Well, the weather forecast has been all over the place for our half marathon on Sunday - first it was looking to be cool, then heavy thunderstorms, then just plain rain (and a lot of it), but with warmer temps.  So who knows what we will get for race'll be memorable, that's for sure.  

Have a great weekend!

Wednesday, January 11, 2017

WWU - Running in Freezing Temps!

We don't see a lot of very cold weather here in south Texas, so when it does hit, it's an event.  Everyone is talking about the temperature, plants are being covered or brought inside, soups are being made - seriously, we enjoy the novelty of freezing temps.

However, running in them?  Not so much.  We had plans to do our Gump run on Saturday morning, but when the predicted wind chill temp was going to be 12 degrees, we called it on Friday night and decided to hold off until Sunday, when the wind was supposed to die down and it would be 25 degrees.  As it turned out, that was an excellent call, because the feels like temperature ended up being 6 degrees:
SIX DEGREES.  Where were we, Antarctica?

I'm sorry - wait, no, I'm not sorry.  That is just too dang cold to get out in if you don't have to.  And we didn't have to.  Oh, funny story - I read on our local online forum where someone posted Saturday morning complaining that he didn't have any water at his house and had a call into the city to see what was wrong.  Turns out, his pipes were frozen!  This kind of weather happens so infrequently here that you forget about that kind of thing being a possibility.

Anyway, we planned to run on Sunday - a smaller group, but we were ready to get out there.  Until we woke up and saw that it was 22 degrees - I let one of the cats outside and quite honestly, I was not at all excited about running in the cold, dark morning.  A couple of texts later (there are very few people who I could text at 5:15 am who would answer right away, but runners are usually up that early), and we all bailed on that run, too.  Jeff and I did manage to meet up with Cary and Brian at Blue Baker around 9:00 am, so we still got the fun part of our day in, complete with some brownie edges, courtesy of our baker.


This being Texas, we are already back to morning lows in the high 50s/low 60s, so I ran yesterday and I'll run again tomorrow.  I guess I got some extra good tapering in for our upcoming half marathon on Sunday - unintended, but it's fine.  Really, I'm just sad that we haven't been able to do our Gump run yet!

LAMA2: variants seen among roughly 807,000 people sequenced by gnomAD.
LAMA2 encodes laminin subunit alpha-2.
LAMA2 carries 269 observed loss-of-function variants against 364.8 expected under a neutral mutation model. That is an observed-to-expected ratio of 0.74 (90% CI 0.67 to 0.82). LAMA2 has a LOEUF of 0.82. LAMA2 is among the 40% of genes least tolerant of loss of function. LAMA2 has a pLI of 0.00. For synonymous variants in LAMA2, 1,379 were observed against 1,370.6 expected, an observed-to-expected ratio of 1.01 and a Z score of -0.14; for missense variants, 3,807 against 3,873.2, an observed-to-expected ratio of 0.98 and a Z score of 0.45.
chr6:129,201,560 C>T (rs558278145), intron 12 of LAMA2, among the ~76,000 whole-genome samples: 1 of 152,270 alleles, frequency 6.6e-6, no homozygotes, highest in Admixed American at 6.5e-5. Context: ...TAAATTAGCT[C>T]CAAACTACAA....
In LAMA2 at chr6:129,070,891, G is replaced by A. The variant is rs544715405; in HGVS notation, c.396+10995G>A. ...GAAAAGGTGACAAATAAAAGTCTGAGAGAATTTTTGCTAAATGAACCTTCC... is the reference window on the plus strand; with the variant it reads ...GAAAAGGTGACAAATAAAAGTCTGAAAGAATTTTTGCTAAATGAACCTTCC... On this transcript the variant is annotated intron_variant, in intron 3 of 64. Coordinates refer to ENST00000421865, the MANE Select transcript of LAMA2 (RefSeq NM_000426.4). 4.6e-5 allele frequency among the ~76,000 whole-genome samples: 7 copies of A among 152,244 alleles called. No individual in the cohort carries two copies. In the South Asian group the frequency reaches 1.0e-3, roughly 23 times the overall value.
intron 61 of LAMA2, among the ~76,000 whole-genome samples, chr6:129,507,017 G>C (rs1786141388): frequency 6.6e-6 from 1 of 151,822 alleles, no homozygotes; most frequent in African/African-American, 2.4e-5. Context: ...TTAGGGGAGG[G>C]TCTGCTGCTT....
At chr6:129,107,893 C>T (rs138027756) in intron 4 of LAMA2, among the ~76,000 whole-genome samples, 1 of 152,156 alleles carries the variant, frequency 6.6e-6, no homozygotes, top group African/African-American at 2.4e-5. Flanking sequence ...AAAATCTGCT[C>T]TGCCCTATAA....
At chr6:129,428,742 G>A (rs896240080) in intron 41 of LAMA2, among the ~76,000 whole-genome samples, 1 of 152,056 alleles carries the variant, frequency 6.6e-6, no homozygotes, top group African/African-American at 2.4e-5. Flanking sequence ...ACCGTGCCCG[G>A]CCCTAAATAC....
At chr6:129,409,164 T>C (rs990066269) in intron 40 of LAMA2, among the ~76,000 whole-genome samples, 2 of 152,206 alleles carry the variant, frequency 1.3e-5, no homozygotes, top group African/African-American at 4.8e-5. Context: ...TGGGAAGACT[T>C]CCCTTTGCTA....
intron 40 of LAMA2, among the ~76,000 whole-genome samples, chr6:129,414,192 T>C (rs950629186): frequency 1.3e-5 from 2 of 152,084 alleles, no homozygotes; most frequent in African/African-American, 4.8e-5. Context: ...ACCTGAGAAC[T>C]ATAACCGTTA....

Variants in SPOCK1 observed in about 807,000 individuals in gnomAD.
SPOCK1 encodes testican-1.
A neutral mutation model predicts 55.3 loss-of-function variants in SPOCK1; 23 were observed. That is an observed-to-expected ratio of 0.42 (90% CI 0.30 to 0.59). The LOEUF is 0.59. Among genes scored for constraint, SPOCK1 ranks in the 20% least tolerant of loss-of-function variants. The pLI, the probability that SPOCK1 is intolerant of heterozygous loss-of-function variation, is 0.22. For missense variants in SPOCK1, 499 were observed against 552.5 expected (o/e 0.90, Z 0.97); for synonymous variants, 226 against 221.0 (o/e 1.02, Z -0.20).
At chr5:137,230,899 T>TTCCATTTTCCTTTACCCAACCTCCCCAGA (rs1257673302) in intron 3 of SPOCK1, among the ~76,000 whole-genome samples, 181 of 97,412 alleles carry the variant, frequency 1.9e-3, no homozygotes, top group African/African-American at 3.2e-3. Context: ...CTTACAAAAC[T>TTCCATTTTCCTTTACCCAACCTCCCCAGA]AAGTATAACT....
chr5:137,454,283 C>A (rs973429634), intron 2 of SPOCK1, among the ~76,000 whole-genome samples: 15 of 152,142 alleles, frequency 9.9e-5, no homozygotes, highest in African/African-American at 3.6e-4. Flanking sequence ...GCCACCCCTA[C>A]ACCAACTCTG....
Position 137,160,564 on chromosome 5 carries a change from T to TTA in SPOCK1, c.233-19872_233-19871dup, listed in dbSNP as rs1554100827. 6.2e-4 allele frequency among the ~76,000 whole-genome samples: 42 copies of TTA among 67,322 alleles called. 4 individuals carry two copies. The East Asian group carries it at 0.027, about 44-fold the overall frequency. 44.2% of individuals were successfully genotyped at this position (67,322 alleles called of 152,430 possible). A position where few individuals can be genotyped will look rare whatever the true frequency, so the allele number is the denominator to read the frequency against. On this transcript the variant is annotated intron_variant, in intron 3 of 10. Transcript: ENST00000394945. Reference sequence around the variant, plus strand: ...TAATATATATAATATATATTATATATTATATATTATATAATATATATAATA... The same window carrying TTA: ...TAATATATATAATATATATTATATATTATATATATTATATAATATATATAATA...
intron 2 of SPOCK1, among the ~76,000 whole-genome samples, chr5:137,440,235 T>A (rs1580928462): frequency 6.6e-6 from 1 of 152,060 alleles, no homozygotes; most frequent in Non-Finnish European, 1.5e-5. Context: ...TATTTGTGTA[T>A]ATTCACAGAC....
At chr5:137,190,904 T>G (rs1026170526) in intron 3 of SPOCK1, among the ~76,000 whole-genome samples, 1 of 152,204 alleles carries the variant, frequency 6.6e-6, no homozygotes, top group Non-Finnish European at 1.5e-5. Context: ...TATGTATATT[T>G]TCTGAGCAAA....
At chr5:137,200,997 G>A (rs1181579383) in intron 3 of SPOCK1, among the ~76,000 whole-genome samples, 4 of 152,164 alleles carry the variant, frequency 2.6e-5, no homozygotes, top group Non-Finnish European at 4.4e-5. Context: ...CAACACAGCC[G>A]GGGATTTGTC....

Speaking of the half marathon, right now I'm excited about it.  I'm sure the race anxiety will come, but I've already factored that into my super-technical race plan, which will go something like this:

Mile 1:  Inwardly freak out, calm self down
Mile 2:  Run
Mile 3:  Run, walk, whatever.   Have fun.  
Miles 4 - 13.1:  DITTO

So that's the plan for half marathon #10 - here's hoping that my experiences from the previous races will help to make this race one that I will feel good about when I'm finished.  That's not asking for too much, is it?

Monday, January 9, 2017

PSA - Motion Sickness Patch (Transderm Scop)

I've suffered from motion sickness my entire life.  Pretty much everyone who is close to me knows this, unfortunately because they've been with me when I've been carsick, or sick on an airplane, or sick on a boat; shoot, I can become carsick when I'm driving myself around town, given the right conditions (an overcast sky seems to be the key with this one).  I've barfed more times than I can count in the backseat of the car as we drove to various lakes when I was a kid; one of the dads in our sailing club worked for United Airlines back then and stocked us with their barf bags to keep in the car; they were GOOD barf bags, too - very sturdy, with a waterproof liner and a nice flap to fold over when used.  Had blogging been around back in the 70s and 80s, I could have done an entire post rating airline barf bags (Mexicana's were the worst, like small sandwich baggies).  But I digress...